The Pharmacy CP is empty when we reach it. Most of the children are already in school.
We proceeded to Avraham Avinu Neighbourhood to show our guests the Sharbati family house and the plaque commemorating Shalhevet Paz. At that point the nature of our shift changes. A soldier, a settler himself, stopped us to check if we are allowed to enter the neighbourhood. He took the opportunity to rally the settlers, with Ofer Ohana at their head, and from that moment on Ohana followed us everywhere with his usual aggressive harangue. It's not easy to talk and explain with him around but he does serves as the ultimate illustration of settlers' violence.
There were no detainees at the Tarpat CP and the shading hides the soldiers from view.
At Tel Rumeida the inspection is random. When we cross Ofer arrives and a police vehicle too. The police watch us to make sure we are not being provocative. Ofer's violence they obviously find justified because they do nothing to stop it. Must be within the bounds of freedom of speech. We stop just below Cordoba School and by the gate to the Qasba to explain IDF policy in the area - how the two communities are segregated with the Palestinians suffering the yoke of occupation and the Jews violating the law time and again. Ofer's horrible diatribe is like a constant echo but this is where he parts ways with us.
By the Disputed House, in Bassam's grocery, we see only the children. A young and pretty Palestinian girl waves to me from a house across the street and gestures at me in an inviting manner. Very concisely she tells me how very terrible life there is. On the slopes of the hill we meet the Palestinian photographers of the international press waiting for the settlers who are walking from Jerusalem to reinforce the settlers in the Disputed House. A table and chair have been placed just outside the house and a settler sits there observing the events below. When we approach he yells at me to stop saying he's a border police officer. As he is not in uniform I ignore this at which he shouts: "you mustn't be here. Show me an ID". In response I demand his officer card or a letter verifying his claim. He then tries to stop me physically but I decide to wave him off like a fly. He is put out but leaves me alone.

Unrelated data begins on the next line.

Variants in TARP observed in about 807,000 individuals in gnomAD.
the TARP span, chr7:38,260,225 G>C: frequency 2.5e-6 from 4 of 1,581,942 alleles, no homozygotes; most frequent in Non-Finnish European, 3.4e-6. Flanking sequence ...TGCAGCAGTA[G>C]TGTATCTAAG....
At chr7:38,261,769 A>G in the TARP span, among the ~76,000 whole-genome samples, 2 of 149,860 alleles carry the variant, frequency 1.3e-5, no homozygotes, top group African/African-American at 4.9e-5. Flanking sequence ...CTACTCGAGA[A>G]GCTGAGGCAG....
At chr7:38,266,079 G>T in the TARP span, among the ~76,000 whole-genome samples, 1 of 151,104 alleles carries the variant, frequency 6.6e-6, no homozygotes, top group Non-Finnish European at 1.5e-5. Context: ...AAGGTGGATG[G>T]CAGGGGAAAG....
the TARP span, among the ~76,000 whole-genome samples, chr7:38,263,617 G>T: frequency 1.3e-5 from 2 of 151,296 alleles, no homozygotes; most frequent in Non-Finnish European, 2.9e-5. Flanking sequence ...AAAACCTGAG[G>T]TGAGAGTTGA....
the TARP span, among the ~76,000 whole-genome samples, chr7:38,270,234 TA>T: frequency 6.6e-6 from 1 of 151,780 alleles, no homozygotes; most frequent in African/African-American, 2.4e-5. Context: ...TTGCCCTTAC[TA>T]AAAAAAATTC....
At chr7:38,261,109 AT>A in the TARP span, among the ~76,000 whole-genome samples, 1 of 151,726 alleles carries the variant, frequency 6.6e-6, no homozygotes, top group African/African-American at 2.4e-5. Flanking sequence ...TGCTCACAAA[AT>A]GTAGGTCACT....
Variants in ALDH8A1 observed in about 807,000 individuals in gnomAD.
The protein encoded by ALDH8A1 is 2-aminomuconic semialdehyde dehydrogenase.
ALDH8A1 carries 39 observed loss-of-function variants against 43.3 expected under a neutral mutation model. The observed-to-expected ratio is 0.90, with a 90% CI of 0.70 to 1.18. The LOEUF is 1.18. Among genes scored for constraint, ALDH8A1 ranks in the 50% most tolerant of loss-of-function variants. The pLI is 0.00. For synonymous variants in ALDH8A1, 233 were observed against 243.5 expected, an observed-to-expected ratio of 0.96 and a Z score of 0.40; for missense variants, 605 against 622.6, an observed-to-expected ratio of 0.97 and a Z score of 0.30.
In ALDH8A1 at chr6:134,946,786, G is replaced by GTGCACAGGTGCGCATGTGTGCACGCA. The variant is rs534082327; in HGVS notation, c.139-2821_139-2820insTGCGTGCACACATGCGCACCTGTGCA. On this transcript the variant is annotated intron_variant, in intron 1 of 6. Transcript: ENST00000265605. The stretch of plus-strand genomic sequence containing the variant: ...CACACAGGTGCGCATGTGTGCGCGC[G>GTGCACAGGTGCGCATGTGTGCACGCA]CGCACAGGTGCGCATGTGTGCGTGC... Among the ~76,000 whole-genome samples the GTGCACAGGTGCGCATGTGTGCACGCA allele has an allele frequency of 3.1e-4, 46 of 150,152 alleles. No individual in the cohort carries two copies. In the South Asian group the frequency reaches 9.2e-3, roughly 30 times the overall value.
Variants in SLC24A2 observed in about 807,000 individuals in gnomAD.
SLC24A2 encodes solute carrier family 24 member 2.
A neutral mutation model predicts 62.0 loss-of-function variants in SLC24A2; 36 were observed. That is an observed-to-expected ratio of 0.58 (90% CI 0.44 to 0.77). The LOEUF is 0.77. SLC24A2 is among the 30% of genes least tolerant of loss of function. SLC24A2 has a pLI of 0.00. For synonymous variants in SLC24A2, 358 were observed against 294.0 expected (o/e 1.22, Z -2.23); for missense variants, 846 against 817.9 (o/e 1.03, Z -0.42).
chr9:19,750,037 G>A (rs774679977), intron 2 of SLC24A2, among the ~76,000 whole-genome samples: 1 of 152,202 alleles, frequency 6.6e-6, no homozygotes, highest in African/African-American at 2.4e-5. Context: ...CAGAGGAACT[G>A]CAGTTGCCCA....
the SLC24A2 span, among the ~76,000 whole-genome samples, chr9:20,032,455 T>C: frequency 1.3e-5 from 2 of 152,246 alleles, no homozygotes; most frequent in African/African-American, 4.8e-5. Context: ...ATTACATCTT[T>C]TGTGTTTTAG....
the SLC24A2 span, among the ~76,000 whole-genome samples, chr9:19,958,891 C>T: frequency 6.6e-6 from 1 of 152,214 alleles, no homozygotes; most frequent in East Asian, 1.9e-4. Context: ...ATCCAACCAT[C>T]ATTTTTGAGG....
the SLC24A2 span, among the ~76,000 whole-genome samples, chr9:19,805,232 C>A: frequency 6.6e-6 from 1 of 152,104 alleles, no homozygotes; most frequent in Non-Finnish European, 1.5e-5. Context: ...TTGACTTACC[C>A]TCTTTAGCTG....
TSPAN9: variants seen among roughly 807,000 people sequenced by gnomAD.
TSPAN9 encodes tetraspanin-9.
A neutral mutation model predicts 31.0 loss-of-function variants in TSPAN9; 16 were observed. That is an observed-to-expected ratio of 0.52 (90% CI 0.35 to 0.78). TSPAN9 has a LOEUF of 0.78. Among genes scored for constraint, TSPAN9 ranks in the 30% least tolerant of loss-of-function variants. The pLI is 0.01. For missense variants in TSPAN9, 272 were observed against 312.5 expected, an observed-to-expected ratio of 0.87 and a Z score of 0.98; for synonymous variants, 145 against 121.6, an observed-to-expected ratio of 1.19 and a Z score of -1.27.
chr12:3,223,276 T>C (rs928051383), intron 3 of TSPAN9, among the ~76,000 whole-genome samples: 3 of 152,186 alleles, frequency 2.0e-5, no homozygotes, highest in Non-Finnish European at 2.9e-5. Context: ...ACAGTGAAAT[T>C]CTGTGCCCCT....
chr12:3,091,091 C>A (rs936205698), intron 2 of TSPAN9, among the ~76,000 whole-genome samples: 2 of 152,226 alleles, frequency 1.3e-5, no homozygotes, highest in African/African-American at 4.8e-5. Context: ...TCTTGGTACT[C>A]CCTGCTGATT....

By the Disputed House CP there are many border police among them a high ranking officer who tells us that this being an H1 area it is out of bounds for us. We tell him that if that were the case it would be out of bounds for the settlers as well. Settlers crowd the entrance to the house and more stand on the roof by the army cameras. A TIFH vehicle stands by the cemetery. The tombstones have been mutilated with red stars of David and the mosque wall has been washed white by the soldiers to hide the graffiti. In between some Palestinians walk by - three mothers with young children and some old men. Here they are not harassed. Having finished watching and taking photographs we start to leave, followed by the shouts of the would-be border police officer who pulled out a camera saying: "I'll put you on U-tube, make a film of you, traitors, not ashamed to throw people out of their house".
By that time we'd had enough and went on our way leaving Wittek to enjoy his Hebron experience to the full.